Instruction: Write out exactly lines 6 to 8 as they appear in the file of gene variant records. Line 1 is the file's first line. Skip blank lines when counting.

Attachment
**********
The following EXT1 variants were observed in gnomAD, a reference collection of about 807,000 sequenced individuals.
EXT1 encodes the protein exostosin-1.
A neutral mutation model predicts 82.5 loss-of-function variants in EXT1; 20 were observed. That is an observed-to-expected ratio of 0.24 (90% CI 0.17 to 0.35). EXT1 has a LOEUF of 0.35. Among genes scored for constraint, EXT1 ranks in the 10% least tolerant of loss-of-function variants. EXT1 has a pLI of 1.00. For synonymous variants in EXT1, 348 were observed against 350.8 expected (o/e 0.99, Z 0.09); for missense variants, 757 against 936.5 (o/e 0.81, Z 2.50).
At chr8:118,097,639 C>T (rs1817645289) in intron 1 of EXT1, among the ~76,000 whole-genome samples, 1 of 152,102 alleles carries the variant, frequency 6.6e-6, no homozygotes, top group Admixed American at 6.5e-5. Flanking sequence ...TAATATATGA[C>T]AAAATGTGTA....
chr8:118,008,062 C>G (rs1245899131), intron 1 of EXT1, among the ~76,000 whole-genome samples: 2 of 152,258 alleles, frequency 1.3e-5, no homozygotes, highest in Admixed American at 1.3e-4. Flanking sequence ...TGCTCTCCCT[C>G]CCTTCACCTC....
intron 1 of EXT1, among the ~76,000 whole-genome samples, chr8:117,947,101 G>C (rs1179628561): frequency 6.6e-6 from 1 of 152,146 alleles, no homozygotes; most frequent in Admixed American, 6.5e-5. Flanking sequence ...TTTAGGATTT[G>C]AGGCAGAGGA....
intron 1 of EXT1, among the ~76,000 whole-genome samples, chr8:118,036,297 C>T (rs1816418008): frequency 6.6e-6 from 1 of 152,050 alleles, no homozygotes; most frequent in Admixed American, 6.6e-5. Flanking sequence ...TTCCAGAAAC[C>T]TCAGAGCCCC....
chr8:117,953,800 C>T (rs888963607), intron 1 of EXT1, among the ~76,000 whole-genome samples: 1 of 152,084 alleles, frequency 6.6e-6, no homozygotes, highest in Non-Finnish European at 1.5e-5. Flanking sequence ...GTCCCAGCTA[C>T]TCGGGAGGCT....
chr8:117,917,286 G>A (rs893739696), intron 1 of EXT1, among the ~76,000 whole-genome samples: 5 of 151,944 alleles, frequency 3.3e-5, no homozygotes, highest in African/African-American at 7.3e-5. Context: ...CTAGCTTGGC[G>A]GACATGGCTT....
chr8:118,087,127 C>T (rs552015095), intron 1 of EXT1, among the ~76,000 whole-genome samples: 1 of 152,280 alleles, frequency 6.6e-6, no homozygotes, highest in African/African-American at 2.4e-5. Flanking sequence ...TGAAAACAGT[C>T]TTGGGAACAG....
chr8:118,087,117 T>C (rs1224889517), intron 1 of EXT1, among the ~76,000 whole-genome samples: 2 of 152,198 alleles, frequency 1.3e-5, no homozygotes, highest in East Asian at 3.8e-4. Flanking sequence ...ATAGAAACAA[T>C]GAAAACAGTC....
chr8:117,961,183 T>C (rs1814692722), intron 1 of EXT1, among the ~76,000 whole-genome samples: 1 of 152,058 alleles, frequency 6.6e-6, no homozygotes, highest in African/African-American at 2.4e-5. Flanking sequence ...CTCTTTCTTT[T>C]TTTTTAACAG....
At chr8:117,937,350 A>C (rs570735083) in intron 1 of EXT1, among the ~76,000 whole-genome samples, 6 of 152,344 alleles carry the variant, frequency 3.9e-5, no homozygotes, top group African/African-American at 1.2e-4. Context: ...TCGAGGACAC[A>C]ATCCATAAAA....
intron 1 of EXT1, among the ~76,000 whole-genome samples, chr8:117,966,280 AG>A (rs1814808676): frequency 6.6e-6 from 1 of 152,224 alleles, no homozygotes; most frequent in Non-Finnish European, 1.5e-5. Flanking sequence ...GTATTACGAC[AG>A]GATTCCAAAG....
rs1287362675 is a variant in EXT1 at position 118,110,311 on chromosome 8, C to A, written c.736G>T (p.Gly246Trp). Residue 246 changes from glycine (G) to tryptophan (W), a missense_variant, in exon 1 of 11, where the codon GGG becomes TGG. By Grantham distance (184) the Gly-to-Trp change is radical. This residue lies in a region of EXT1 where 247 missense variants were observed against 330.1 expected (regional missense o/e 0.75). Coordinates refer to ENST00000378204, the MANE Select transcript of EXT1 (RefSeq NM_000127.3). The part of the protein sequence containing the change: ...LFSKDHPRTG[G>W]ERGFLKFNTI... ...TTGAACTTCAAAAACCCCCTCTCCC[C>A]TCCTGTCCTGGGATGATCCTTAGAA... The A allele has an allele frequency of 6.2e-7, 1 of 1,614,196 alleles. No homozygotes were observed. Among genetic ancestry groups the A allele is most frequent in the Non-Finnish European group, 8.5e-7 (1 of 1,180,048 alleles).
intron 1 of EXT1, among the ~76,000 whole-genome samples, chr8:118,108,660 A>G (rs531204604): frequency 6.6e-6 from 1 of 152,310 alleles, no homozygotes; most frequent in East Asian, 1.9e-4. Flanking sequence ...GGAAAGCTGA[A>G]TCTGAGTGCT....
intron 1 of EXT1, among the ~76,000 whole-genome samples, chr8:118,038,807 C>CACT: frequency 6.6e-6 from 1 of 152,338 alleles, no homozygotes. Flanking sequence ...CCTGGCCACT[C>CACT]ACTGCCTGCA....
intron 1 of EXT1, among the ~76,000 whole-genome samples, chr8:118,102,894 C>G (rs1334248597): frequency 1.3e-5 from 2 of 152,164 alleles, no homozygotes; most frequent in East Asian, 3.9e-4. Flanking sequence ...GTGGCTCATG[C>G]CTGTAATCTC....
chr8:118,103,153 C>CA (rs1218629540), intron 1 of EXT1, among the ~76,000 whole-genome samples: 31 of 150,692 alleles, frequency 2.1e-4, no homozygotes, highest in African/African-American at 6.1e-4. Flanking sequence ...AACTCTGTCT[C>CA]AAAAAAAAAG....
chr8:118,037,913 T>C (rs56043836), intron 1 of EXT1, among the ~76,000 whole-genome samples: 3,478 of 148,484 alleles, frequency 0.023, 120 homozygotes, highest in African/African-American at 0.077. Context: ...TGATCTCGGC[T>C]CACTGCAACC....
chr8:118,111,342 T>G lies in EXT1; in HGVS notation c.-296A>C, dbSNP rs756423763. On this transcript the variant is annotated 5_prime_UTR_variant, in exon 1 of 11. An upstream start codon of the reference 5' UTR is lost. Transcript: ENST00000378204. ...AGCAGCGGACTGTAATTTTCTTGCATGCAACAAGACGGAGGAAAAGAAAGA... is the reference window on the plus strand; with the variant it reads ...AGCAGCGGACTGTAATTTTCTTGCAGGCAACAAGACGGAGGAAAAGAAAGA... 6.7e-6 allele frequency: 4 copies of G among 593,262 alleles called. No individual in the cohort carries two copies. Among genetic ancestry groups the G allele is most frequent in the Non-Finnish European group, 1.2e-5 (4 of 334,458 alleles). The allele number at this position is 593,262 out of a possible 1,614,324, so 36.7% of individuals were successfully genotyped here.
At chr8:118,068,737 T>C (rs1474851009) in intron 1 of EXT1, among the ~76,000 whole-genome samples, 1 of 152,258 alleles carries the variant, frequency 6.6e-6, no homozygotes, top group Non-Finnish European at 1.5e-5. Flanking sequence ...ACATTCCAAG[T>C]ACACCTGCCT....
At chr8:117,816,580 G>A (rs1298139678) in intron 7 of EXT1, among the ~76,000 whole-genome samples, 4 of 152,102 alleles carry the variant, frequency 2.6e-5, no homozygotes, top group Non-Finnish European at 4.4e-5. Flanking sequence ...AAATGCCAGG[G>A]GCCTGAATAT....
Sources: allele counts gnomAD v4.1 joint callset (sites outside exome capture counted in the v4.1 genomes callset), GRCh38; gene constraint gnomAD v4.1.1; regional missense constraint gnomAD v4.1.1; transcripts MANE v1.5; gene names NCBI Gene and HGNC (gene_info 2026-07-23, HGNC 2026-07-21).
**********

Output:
intron 1 of EXT1, among the ~76,000 whole-genome samples, chr8:117,947,101 G>C (rs1179628561): frequency 6.6e-6 from 1 of 152,146 alleles, no homozygotes; most frequent in Admixed American, 6.5e-5. Flanking sequence ...TTTAGGATTT[G>C]AGGCAGAGGA....
intron 1 of EXT1, among the ~76,000 whole-genome samples, chr8:118,036,297 C>T (rs1816418008): frequency 6.6e-6 from 1 of 152,050 alleles, no homozygotes; most frequent in Admixed American, 6.6e-5. Flanking sequence ...TTCCAGAAAC[C>T]TCAGAGCCCC....
chr8:117,953,800 C>T (rs888963607), intron 1 of EXT1, among the ~76,000 whole-genome samples: 1 of 152,084 alleles, frequency 6.6e-6, no homozygotes, highest in Non-Finnish European at 1.5e-5. Flanking sequence ...GTCCCAGCTA[C>T]TCGGGAGGCT....